TOKYO — Fistfuls of yen are indispensable in the Land of the Rising Sun. But Japan has one saving grace for the budget traveler--its youth hostels.
As with all youth hostels, you only need to produce a membership card; people of all ages are welcome. Accommodation is usually in dormitories, but in many Japanese hostels, families can arrange to stay together if the hostel isn't crowded. Some hostels are closed during the day, and although bedding is provided, you supply your own sheet sleeping bag or rent it.
Hostels in Japan are as varied as the nation. The Tokyo youth hostel is palatial. Brand new, it occupies the top two stories of one of the newest of Tokyo's high-rise business blocks, with a glittering city panorama at night and plate-glass floor-to-ceiling windows in each room. "A youth hostel?" wonder the grubby backpackers, eyeing the plush carpeted lobby.
Wonder succeeds wonder, with silk flower arrangements in the spotless spacious bathroom, and blond-wood bunks, curtained sleeping compartments provided with designer bed lamps. But best of all are the bathrooms.
The civilized Japanese use their communal baths to relax and chat away the tensions of the day. The Tokyo youth hostel bathroom includes a black marble bathtub big enough to accommodate 20 weary bodies without undue familiarity.
Come with me on my first venture into the mysterious ritual of the Japanese bath. We put on the obligatory house slippers supplied by the youth hostel, and slipslop down the corridor to the changing room. Clued by the collection in front of us, we discard our slippers and step up onto a straw tatami mat to undress and put our clothes into a yellow plastic basket.
We select a small bowl for our soap and shampoo, and slide open the glass door to the bathroom proper. That's where the black marble walls and floors begin.
Unsure of the etiquette, we follow our neighbors to squat on a stool before a set of taps and shower hose. Our more decorous neighbors hold their washcloths strategically when they walk around. They chat, but there's a general air of courtesy far removed from the hearty schoolboy towel flicking or schoolgirl giggling in Western shower rooms. We feel new, gauche. We try to behave as if we always bathed this way.
Now comes the real work: a thorough soap and lather of every inch of the body, solemnly regarding ourselves in the mirror before us, and an equally thorough rinse. Every atom of soap flushed away, we ascend the black marble steps and sink into the bath.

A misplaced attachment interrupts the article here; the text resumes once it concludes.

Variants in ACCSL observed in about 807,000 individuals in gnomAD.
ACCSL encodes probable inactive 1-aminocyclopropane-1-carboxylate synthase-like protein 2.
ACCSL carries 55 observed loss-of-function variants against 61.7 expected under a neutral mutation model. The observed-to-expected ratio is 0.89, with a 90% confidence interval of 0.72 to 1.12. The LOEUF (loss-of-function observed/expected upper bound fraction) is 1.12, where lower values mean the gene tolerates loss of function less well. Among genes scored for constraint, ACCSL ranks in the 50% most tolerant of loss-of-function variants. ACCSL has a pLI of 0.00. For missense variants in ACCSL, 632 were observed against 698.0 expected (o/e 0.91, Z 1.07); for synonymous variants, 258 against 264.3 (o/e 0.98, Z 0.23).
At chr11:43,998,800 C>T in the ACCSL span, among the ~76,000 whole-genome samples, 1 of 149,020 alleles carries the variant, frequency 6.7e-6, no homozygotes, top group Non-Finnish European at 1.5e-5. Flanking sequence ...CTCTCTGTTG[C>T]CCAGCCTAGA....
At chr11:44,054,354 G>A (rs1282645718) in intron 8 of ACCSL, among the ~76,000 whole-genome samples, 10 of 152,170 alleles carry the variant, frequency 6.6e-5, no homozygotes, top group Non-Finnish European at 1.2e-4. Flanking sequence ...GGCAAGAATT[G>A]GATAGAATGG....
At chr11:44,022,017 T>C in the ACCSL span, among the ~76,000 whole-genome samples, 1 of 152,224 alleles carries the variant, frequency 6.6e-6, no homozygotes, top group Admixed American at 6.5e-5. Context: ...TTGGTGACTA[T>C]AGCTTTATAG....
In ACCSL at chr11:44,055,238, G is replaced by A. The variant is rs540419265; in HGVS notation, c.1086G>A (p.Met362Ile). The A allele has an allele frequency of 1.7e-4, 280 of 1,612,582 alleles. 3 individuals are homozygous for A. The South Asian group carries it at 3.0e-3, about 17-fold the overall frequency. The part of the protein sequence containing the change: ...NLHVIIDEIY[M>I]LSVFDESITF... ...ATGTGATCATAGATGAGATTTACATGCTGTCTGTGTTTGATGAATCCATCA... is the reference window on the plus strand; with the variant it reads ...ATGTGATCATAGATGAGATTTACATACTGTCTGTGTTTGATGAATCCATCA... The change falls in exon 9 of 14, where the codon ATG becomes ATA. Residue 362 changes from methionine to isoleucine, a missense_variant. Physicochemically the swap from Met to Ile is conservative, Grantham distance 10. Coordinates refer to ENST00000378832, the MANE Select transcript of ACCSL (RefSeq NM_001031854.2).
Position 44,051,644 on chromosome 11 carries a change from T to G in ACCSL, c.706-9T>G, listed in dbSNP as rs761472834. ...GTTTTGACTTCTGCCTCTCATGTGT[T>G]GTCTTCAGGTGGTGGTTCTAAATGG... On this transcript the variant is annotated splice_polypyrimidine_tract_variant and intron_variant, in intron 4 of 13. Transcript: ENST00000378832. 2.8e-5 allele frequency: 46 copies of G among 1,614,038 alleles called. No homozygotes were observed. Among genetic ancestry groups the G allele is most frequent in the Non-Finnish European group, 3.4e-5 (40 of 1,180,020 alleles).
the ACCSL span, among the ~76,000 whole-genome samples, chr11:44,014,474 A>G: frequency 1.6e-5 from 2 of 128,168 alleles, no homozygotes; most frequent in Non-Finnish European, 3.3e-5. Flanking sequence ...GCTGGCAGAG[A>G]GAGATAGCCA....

The water is hip high, so we can submerge to our chins and feel our inner day's grime dissolve in the heat. Five minutes of floating in this black marble bath and you're kin to Cleopatra. We collect our little basket of belongings and stagger out a trifle rubber-legged to dry and dress and shuffle into our slippers.
The hostel's only serious drawback is its ubiquitous P.A. system through which loud reminders of bed, bath and closing times are relayed every 15 minutes. Bear it with good humor, for this must surely be the world's plushest youth hostel. With the only black marble bathtub for 20.
Of quite another character is the youth hostel at Takayama that is attached, as are many in Japan, to a Shinto temple. We walked to it on a dark rainy evening through cobbled streets lined with wooden houses. An enormous brass gong hung in the courtyard under the dripping trees, waiting to be struck. Opposite lay the temple, where a single candle burns all night. In the morning, a low rolling boom of gongs and quiet chanting reminded us where we were.
Next to the temple, past a bamboo waterspout trickling water onto a hollowed stone with a dipper for thirsty travelers, is the familiar international youth hostel sign, welcoming you to a labyrinth of small traditional Japanese rooms.
Another good hostel lies right beside Lake Toya-ko in Hokkaido. The tranquil air of its surroundings is deceptive. A few kilometers away from the hostel, one of the youngest hills on earth was born in 1944, accompanied by a whole series of volcanic eruptions.
All the land nearby crumpled and sagged to accommodate the new mountain, and the buildings twisted to match. So the corridors of Toya Kanko-kan hostel curve in odd directions, the floors slope up and then down, and the walls lean in.
In the same national park is Shikotsu-ko hostel, by a lake so clear that you can see 10, 20 feet down to the pebbled bottom. Mountains rise sheer all around, and the air tastes like Perrier water.
The Japanese escape in busloads to Shikotsu-ko, for a few hours away from their smoggy cities. But lucky hostelers can linger. Step out of your hostel slippers onto smooth polished wood floor ledges, and then onto the resilient tatami mats smelling of summers-ago hay. Sit by the window looking across the lake as the late sun slants through the paper shutters.
Favorite Was a Farmhouse
But if I had to choose my favorite of all the Japanese hostels, it would be Etchu Gokoyama.